Then came Teckla—which was three years later in 1987, or about another thirty seconds later for me, which caused great whiplash. Teckla is set immediately after Jhereg. In it, Vlad becomes involved with some easterners planning Marxist revolution, because Cawti has become involved with them. Everything goes wrong. He spends most of the book hiding, like a Teckla. Teckla has a lovely conceit. It starts with a laundry list, and every chapter heading is a part of that list, and you learn how it was that, for instance, the bloodstain got onto the trousers, or the dust on their knees.

And then, just when you want to know if Vlad and Cawti will ever make it up, and what’s going to happen with the rebellion, we get Taltos (1988), set earlier than anything except (thank you Avram!) the prolog to Jhereg. In Taltos, Vlad first meets Morrolan, Aliera and Sethra. And it’s written in an interestingly experimental way. Each chapter begins with a portion in italics of Vlad doing a spell. It then gets on with a little of the ongoing plot. It goes back to Vlad’s childhood and the backstory of how he got to be where he is in that book, and then it continues with the ongoing plot. When the ongoing plot reaches the point where he does the spell that has been running through the whole book, the book is over.

Looking at the structure of Taltos made me realise that reading the books chronologically (as I have done several times) is a mistake. Brust is mixing up the order of events in the whole series for the same reasons he does here, and for the same reasons a fine chef serves a meal in a particular order. I’m not sure why Brust has made these choices, but I trust that he has reasons for it.

Next came Phoenix (1990) which is like the second half of Teckla, except that at the end of the book Vlad is exiled. Throughout it, Vlad is considering the ethics of being an assassin. We’re a long way from the cheerful acceptance of murder of the earlier books.

Athyra (1993) isn’t from Vlad’s point of view. This was a bold choice, and some people hated it. It’s third person, from the point of view of a Teckla peasant boy, and we see Vlad, in exile, from outside. It’s an interesting variation in the series. Between Phoenix and Athyra, Vlad has lost a finger.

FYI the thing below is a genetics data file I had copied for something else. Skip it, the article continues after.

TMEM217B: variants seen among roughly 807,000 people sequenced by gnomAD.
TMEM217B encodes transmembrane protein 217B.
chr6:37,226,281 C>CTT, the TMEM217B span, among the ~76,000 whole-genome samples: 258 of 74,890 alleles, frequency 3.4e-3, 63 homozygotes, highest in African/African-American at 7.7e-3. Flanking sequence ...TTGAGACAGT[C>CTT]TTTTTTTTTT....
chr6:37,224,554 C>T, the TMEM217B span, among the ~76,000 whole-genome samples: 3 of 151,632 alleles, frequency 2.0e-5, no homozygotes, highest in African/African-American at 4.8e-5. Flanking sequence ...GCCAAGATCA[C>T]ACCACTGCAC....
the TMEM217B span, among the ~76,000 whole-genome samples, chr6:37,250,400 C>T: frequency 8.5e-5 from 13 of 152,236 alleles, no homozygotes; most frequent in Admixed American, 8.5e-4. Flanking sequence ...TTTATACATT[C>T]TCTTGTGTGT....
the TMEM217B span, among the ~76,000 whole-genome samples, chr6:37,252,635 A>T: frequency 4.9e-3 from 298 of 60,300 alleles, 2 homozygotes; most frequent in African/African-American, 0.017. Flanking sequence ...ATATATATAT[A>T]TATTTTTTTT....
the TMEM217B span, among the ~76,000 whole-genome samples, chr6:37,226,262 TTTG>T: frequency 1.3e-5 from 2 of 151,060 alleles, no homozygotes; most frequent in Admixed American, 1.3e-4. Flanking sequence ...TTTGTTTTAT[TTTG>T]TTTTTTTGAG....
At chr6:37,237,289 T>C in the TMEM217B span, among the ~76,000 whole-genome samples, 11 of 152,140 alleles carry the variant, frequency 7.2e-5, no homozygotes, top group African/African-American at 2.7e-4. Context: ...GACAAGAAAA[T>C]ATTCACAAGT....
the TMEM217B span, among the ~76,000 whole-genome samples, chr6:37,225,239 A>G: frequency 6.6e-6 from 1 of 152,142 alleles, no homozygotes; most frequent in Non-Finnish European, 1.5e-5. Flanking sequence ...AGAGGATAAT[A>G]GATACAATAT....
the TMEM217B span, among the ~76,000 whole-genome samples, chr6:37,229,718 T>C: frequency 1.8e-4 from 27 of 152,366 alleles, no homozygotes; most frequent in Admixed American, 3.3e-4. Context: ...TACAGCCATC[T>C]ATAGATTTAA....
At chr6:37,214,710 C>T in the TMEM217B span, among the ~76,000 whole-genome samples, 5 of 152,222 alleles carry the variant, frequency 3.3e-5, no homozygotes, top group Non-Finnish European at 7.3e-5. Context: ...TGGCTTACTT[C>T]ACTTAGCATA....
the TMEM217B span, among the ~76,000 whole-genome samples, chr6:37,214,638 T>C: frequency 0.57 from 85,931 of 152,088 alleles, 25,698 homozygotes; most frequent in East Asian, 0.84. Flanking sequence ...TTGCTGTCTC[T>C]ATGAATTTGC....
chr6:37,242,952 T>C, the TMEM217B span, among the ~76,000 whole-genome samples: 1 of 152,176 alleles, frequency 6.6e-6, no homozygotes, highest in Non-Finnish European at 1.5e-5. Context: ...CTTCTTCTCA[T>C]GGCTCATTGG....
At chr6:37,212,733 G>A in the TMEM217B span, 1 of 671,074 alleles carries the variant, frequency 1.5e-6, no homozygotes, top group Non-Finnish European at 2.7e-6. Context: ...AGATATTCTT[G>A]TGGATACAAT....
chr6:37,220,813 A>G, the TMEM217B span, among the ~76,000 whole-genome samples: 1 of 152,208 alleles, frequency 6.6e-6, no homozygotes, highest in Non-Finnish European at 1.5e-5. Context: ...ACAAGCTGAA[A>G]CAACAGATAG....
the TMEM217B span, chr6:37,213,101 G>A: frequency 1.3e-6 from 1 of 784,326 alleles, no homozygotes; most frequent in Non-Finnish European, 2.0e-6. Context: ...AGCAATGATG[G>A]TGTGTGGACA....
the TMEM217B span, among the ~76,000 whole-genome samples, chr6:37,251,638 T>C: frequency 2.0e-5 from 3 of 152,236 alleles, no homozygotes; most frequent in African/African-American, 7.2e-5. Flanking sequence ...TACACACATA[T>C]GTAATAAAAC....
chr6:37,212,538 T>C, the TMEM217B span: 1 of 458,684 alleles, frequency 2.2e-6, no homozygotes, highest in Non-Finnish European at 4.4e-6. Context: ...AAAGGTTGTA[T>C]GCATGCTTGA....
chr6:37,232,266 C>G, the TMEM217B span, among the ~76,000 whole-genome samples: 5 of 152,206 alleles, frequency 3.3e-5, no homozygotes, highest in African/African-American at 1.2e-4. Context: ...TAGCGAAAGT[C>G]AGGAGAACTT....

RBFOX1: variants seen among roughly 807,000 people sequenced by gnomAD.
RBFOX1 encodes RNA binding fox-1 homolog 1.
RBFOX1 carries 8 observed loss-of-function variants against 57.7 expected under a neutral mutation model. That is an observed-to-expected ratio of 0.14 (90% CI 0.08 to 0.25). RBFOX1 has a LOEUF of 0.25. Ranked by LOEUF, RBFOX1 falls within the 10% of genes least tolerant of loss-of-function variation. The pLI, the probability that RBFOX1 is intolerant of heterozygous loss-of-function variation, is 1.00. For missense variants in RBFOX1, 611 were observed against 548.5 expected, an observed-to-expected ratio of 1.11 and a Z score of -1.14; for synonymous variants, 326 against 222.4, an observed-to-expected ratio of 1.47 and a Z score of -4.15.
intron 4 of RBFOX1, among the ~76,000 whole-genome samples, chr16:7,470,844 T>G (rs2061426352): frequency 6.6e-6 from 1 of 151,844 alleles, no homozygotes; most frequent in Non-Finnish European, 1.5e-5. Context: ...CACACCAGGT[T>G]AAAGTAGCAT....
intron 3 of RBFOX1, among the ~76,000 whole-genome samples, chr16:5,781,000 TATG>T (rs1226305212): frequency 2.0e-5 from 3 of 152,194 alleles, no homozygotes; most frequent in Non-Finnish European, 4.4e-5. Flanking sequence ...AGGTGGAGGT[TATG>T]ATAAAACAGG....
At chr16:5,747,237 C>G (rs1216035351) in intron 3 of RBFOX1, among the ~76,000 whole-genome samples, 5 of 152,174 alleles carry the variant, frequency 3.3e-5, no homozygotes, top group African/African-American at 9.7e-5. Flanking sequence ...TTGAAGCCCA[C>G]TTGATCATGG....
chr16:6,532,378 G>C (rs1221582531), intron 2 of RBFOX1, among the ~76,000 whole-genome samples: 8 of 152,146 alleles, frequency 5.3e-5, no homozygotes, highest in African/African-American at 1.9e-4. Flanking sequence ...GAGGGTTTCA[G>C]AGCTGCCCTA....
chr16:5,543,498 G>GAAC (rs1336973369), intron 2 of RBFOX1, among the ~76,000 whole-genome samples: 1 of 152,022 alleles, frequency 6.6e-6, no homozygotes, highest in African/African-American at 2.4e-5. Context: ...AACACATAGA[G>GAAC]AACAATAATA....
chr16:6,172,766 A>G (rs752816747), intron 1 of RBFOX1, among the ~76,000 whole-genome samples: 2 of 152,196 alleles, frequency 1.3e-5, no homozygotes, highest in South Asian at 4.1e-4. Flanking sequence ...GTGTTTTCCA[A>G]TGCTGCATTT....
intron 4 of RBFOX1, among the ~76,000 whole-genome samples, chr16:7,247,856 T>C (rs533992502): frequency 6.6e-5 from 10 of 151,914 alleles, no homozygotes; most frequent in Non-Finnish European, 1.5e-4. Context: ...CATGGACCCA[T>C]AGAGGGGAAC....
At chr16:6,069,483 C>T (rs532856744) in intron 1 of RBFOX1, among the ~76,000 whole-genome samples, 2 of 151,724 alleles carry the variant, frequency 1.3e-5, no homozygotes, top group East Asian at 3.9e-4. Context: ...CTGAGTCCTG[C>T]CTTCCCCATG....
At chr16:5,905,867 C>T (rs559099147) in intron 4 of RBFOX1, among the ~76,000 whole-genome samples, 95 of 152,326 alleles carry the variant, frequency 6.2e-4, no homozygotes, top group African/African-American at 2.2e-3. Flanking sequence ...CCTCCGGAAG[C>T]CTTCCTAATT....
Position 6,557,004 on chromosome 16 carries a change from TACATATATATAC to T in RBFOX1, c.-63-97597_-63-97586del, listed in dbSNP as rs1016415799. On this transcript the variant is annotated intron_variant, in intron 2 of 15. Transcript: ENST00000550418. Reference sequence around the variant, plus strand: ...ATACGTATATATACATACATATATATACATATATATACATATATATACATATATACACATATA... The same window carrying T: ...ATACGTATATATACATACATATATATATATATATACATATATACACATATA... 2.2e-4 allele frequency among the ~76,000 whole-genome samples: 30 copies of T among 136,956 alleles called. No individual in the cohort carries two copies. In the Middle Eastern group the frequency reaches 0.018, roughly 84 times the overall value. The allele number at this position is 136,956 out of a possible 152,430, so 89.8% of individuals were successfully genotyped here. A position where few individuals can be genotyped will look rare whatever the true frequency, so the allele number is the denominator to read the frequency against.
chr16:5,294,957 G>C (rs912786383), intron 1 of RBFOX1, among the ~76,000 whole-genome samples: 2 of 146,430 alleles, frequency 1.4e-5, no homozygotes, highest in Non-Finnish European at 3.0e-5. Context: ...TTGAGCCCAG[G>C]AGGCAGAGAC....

Orca (1996) was the first book I had to wait for, and I waited very impariently, especially for the six weeks the book took to get to me by very slow boat while everyone else was talking about it. Orca alternates Vlad’s point of view with that of Kiera the thief. It’s set next in the ongoing chronology, and it contains staggering revelations that cause re-evaluation of everything so far, and which were set up from early in Jhereg.

Dragon (1998—I can’t believe it’s been ten years!) is set between Taltos and Yendi, except for the frame which is set just after Yendi, making chronological re-reads impossible. Dragon also has the interesting chapter structure of Taltos, except it isn’t a spell, it’s a battlefield.

And then, it’s as if Brust suddenly thought “Hang on, this is a fantasy series, aren’t we supposed to be saving the world amid revelations of that the world is really like?” and wrote Issola, (2001) in which many questions are answered, including some nobody had thought to ask, and the main plot moves on a lot, except that this isn’t that kind of series and there isn’t really a main plot in that way.

Dzur (2006) takes place immediately afterwards. And it has that chapter structure again, or almost, and this time it’s a meal. I think Dzur may be my favourite, even though it makes me hungry reading it. There are revelations revealed that have been set up since the first page of Jhereg, and the meal is in Valabar’s a restaurant that’s been mentioned over and over but never seen before. (Brust’s brilliant at this kind of detail. For instance, there’s a street in Adrilankha called Undauntra. In Athyra, Vlad quotes a line from a play in which Undauntra is a character. In Issola, it’s mentioned that Undauntra was a historical general. This is one tiny thing, and the books are full of them.)

Which brings me to Jhegaala, which I shouldn’t really talk about because I only finished reading it for the first time about half an hour before I started this review. It’s set just after Phoenix. It may or may not explain how Vlad lost his finger. It’s kind of traumatic. It wouldn’t be a good place to start. It has chapter start quotations from a play I’d love to see. Alone of all the series so far, it’s set in the East.

It isn’t narrative tension and the desire to know what happens that makes me impatient for MORE of these, NOW PLEASE. In many of them, I already sort of knew what happened before I read them, though not the details. It’s not even a desire for more details about the world and the explanation of how it’s all SF, though I’d be happy with as much more of that as I can get. Brust’s an amazing storyteller. You can know Vlad will survive, and yet there’s no loss of tension. It isn’t Vlad and Loiosh bantering, though that’s always a joy. It’s that reading all eleven books so far, I can sort of see a pattern that it’s making to read them in the order they’re in. I can see it half-squinting sideways, and I want to see all of it.